PITTSBURG — Since taking over as boys’ basketball head basketball coach at St. Mary’s-Colgan in 1983, Wayne Cichon has been winning games and making a positive impact on those around him.
After notching the 600th win of his career in a game against Columbus last week, and surpassing it on Friday in a win against Frontenac, Cichon took time time to reflect on his time with the Panthers.
“It’s one of those accomplishments that’s a milestone in your career that gives you a sense of pride as a coach,” Cichon said. “It’s an elite group. I thought hitting 500 was pretty unique in itself, but after 600 wins, coaches begin to start getting out of the business. So, to reach 600 and still be enthusiastic about coaching is something that I want to make sure I can maintain. I still enjoy coaching, being around the kids and molding them to be good, young men.”
Throughout the years, Cichon has led the Panthers to 11 CNC championships and five state titles.
“Each championship seasons have their own special memories,” Cichon said. “The first one is always big. The year was 1996 when we won it the first time with me as head coach, and we made two free throws at the end to win the game. The 2002 season was also special because my son was on that team. We had a great team, but for a father to coach his son in a game like that is always special.”
Cichon said he’s been fortunate to coach many talented basketball players, but maybe none more so than the group he had in his first state championship win.
“I think hands down the best player that I’ve coached here at Colgan has been Pat McNally,” he said. “He was the player who hit the two free throws to give us the win in the state championship game in 1996. He has more points and more rebounds than anyone I’ve ever coached. He scored 1,799 points by the end of his career. We’ve had some great scorers over the years, but because of our depth, we haven’t had players score as much as Pat did.”
Although having gifted athletes come through the program is a big reason for the team’s success, Cichon said they are only part of the equation.
“In addition to all of the players who have played for me, I also think about all of the great assistant coaches and administration who have supported me through my tenure here,” he said. “Everybody has been great, but the most important supporters I have has been my family. They’ve been really generous in allowing me to do this and they deserve a lot of credit.”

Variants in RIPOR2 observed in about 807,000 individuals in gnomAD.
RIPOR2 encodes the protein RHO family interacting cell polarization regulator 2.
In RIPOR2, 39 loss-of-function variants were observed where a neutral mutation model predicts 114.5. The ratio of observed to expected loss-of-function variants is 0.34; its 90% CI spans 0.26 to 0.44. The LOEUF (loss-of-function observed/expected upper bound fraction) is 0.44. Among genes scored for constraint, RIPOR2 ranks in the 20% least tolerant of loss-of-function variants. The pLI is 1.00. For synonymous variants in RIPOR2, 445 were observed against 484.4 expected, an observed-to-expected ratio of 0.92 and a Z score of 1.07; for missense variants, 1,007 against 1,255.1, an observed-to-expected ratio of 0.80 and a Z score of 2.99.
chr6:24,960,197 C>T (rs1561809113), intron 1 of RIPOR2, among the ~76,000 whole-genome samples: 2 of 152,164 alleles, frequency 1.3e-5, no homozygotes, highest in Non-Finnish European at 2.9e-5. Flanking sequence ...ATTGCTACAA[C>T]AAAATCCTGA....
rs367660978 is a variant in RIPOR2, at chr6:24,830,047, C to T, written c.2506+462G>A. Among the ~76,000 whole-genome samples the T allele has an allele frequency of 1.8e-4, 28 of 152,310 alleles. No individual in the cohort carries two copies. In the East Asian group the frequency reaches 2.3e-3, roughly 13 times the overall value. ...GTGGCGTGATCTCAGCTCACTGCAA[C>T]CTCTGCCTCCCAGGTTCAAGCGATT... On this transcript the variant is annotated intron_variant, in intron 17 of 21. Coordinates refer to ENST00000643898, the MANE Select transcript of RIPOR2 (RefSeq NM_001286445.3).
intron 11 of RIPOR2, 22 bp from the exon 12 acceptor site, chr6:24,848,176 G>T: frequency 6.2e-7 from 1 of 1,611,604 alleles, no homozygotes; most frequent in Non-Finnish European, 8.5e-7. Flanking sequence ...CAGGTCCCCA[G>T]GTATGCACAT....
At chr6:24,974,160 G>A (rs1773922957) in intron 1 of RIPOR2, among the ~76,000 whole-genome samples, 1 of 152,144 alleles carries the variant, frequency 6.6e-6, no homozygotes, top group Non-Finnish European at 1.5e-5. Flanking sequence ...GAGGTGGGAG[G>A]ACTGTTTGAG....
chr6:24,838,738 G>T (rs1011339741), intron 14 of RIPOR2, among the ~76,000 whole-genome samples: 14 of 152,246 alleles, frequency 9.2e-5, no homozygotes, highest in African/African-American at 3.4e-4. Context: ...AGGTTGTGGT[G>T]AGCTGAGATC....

The Colgan tradition is something Cichon is proud to be apart of.
“I think my love for coaching here at Colgan has a lot to do with everything that goes along with coaching at a catholic school,” Cichon said. “I think the kids are tremendous. They’re disciplined and focused in all of their activities. Not only basketball, they also take pride in their academics. Plus, the faith aspect is really important to me. I wanted to send our kids to a catholic school and we were able to send all three through the entire 13-year system.”
Cichon’s said his love and appreciation for the school goes beyond words.
“It’s so hard to put into words the feelings I have for this place,” he said. “Colgan has been so good to me and my family over the years and there’s a lot of love that goes both ways. I just have a hard time describing what I’ve been through the past 35 years here at this school.”
Hanging from the walls inside SMC Fieldhouse are several banners which honor the accolades earned by past teams which played under Cicon’s tutelage, but there’s still one accomplishment which has been eluding him.
“I had one goal when I started here and I don’t think I’m going to be able to accomplish it,” Cichon said. “One of my mentors was Walt Shublom. He won 10 state championships in 14 years, so one of my goals was to match him. I knew that was a really lofty goal, but he taught me a lot about the game of basketball and how to coach. His mentoring was big for me and it’s so hard to accomplish what he did. He also had two or three second-place trophies in those 14 years, so in my mind, he’s the best high school basketball coach of all time in the state of Kansas.”
Regardless of what happens next, Cichon hopes his legacy will continue long after he decides to step down as head coach.
“A lot of people have asked me about retirement, but it’s so hard to pinpoint that time,” Cichon said. “I love teaching math and I really enjoy being in the classroom. I really enjoy coaching kids after school and guiding them to be good, young men. God will determine when it’s time for me to step down. When that time comes, hopefully, I can turn the reins over to my son and he will continue the legacy.”
— Jordan Buckamneer is the sports editor of the Pittsburg Morning Sun. E-mail him at email@example.com and follow him on Twitter @jbuckamneer.